State loophole could cost you big money after you sell a car

Posted: 7:58 PM, Oct 14, 2016
Updated: 2016-10-14 19:58:56-04

A loophole in Florida law could cost you big money after you sell or trade-in an old vehicle.

A West Palm Beach viewer named Rebecca Post called WPTV with her story.

She traded in her old Pontiac Grand Am at Mike Auto Sales in West Palm Beach last November. Eventually, the dealership re-sold the car. But, Rebecca learned nearly a year later that the dealer never transferred the title to the new owner.

She found out when she received a letter in the mail from a towing company.

"Out of nowhere, a $700 and something odd lean on your license," Post said as she read the letter to a WPTV crew.

Post made some calls and found that someone else had totaled her old car a few months ago. Joy's Towing picked it up. It was then placed in the company's warehouse, where it began racking up a daily storage fee.

"Not in my wildest dreams, never turning a vehicle to a dealership, would I ever think that something like this could turn around and come back at me," Post said.

She had to make a trip to the DMV and pay $80 for a copy of the car's title, still in her name.

The owner of Mike Auto Sales showed us his paperwork. He re-sold Post's old car a few months after she traded it in.

Under Florida statute, car dealers aren't required to change the title out of the old owner's name, as long as it's still on the lot. Once it's sold, however, they're given 30 days to work with the new owner and put the title in that person's name.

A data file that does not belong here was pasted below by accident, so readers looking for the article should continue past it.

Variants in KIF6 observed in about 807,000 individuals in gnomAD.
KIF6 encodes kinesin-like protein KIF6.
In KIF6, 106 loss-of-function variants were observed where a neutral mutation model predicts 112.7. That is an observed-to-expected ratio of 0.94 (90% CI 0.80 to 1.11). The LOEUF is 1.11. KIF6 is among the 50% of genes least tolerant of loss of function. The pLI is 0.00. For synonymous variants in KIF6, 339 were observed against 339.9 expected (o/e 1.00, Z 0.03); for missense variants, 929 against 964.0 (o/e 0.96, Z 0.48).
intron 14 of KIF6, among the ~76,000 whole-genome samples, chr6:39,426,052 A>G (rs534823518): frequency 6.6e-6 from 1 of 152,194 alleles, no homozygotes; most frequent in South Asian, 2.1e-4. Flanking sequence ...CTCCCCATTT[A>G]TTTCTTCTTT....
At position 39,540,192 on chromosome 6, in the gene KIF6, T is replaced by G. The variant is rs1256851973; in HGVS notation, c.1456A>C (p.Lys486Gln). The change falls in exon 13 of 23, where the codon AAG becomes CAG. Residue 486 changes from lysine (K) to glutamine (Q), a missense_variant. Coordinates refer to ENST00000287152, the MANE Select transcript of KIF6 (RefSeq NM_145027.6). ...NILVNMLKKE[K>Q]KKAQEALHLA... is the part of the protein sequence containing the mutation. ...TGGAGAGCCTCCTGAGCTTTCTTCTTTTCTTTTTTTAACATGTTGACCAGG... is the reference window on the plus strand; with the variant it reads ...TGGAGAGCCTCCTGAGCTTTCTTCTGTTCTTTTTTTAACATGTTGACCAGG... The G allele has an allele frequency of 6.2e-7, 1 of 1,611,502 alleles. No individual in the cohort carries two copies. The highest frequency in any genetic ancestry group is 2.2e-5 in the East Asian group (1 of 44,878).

The owner of Mike Auto Sales says in this case, it never happened because the new buyer disappeared and stopped making payments. He says he never got the information needed from the customer to change the title within 30 days, so he never did.

"I lost quite a bit of money taking time off of work and trying to deal with a problem that shouldn't have been my problem," Post said.

According to the state's Department of Highway Safety and Motor Vehicles, the dealership should have turned in a form 82050. It proves a car was sold and no longer belongs to the old owner. The dealer is supposed to turn in the form, but the owner of Mike Auto Sales says in Rebecca's case, he didn't.

Joy's towing is working with Post. The owner promises to forgive the fees and scrap the car as long as Post can prove she traded it in.